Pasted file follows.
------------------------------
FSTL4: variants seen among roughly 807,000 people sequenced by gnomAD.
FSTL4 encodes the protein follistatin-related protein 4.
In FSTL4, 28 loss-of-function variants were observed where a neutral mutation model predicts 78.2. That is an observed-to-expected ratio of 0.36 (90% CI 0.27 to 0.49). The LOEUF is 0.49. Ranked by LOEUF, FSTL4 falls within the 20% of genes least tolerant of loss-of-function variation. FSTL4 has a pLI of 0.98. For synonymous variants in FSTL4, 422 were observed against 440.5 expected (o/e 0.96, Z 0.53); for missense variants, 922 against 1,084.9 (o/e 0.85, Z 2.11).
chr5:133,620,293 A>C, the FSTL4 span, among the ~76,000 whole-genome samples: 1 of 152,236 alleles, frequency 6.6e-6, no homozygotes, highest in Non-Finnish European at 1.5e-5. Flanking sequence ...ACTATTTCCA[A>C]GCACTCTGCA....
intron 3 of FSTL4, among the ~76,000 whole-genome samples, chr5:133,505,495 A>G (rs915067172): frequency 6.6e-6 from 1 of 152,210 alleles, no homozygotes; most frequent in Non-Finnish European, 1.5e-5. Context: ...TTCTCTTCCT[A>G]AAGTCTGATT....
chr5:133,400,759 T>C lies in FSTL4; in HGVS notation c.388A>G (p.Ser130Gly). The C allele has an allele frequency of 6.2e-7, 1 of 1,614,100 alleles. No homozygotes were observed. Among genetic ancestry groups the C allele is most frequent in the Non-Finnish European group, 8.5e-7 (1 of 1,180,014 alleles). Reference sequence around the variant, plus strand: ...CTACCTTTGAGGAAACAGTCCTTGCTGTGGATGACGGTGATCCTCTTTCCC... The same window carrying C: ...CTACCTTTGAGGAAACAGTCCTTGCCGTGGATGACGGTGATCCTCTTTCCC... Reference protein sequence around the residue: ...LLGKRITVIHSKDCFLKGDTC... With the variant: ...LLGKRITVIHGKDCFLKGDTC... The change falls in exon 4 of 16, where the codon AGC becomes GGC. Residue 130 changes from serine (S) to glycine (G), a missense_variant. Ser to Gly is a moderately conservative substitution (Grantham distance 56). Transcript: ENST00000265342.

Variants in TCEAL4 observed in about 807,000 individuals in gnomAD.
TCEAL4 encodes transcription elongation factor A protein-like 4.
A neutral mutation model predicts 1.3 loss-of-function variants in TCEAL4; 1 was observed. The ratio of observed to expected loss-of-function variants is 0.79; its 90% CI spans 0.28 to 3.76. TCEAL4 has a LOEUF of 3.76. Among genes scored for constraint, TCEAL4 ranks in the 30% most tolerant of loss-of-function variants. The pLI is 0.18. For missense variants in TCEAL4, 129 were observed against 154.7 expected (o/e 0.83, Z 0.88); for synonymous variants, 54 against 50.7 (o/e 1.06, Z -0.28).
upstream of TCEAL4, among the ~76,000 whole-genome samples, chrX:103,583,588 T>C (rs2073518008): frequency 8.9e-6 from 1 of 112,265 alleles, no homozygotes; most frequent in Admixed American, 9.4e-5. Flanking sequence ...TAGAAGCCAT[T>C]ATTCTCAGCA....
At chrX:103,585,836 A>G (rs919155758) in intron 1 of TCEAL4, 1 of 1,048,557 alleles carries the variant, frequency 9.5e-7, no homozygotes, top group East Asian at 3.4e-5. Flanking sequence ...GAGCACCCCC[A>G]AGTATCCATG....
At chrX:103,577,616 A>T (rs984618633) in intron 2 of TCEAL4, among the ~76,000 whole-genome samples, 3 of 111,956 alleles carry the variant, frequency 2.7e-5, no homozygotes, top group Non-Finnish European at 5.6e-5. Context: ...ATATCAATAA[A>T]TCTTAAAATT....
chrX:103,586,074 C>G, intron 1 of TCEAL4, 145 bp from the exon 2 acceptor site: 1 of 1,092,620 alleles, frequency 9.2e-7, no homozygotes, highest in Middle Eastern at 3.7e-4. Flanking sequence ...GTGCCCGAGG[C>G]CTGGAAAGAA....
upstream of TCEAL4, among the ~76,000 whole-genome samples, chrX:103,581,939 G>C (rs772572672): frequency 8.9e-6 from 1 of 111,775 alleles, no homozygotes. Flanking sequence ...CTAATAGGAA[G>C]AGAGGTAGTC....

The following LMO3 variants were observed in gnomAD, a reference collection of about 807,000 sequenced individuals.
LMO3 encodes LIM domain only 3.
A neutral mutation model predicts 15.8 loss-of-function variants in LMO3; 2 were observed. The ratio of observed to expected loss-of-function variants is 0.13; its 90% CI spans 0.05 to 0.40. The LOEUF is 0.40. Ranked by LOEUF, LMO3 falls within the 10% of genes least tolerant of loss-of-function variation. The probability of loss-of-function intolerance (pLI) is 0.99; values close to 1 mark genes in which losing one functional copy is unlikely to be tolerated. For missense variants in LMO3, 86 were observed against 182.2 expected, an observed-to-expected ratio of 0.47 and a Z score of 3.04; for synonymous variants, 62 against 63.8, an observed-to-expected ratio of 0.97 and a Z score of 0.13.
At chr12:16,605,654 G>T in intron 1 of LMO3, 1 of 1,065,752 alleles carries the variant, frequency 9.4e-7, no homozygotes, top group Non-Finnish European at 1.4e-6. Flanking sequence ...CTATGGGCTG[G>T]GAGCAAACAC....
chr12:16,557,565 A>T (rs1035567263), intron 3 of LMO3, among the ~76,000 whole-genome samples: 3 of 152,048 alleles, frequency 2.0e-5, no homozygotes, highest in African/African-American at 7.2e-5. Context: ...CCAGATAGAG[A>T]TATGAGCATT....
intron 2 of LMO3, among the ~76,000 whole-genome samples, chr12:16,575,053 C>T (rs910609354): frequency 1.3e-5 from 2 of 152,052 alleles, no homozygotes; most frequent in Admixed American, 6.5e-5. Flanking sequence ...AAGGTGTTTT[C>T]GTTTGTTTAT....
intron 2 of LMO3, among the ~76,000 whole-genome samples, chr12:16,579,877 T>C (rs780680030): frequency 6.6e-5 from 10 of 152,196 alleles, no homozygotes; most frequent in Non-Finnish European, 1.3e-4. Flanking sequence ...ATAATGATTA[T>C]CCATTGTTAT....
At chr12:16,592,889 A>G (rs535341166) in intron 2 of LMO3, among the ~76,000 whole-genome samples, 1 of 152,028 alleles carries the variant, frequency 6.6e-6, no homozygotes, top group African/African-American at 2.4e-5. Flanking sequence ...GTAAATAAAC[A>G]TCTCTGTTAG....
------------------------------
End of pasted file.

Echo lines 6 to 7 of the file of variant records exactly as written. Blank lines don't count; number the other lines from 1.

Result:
chr5:133,400,759 T>C lies in FSTL4; in HGVS notation c.388A>G (p.Ser130Gly). The C allele has an allele frequency of 6.2e-7, 1 of 1,614,100 alleles. No homozygotes were observed. Among genetic ancestry groups the C allele is most frequent in the Non-Finnish European group, 8.5e-7 (1 of 1,180,014 alleles). Reference sequence around the variant, plus strand: ...CTACCTTTGAGGAAACAGTCCTTGCTGTGGATGACGGTGATCCTCTTTCCC... The same window carrying C: ...CTACCTTTGAGGAAACAGTCCTTGCCGTGGATGACGGTGATCCTCTTTCCC... Reference protein sequence around the residue: ...LLGKRITVIHSKDCFLKGDTC... With the variant: ...LLGKRITVIHGKDCFLKGDTC... The change falls in exon 4 of 16, where the codon AGC becomes GGC. Residue 130 changes from serine (S) to glycine (G), a missense_variant. Ser to Gly is a moderately conservative substitution (Grantham distance 56). Transcript: ENST00000265342.

Variants in TCEAL4 observed in about 807,000 individuals in gnomAD.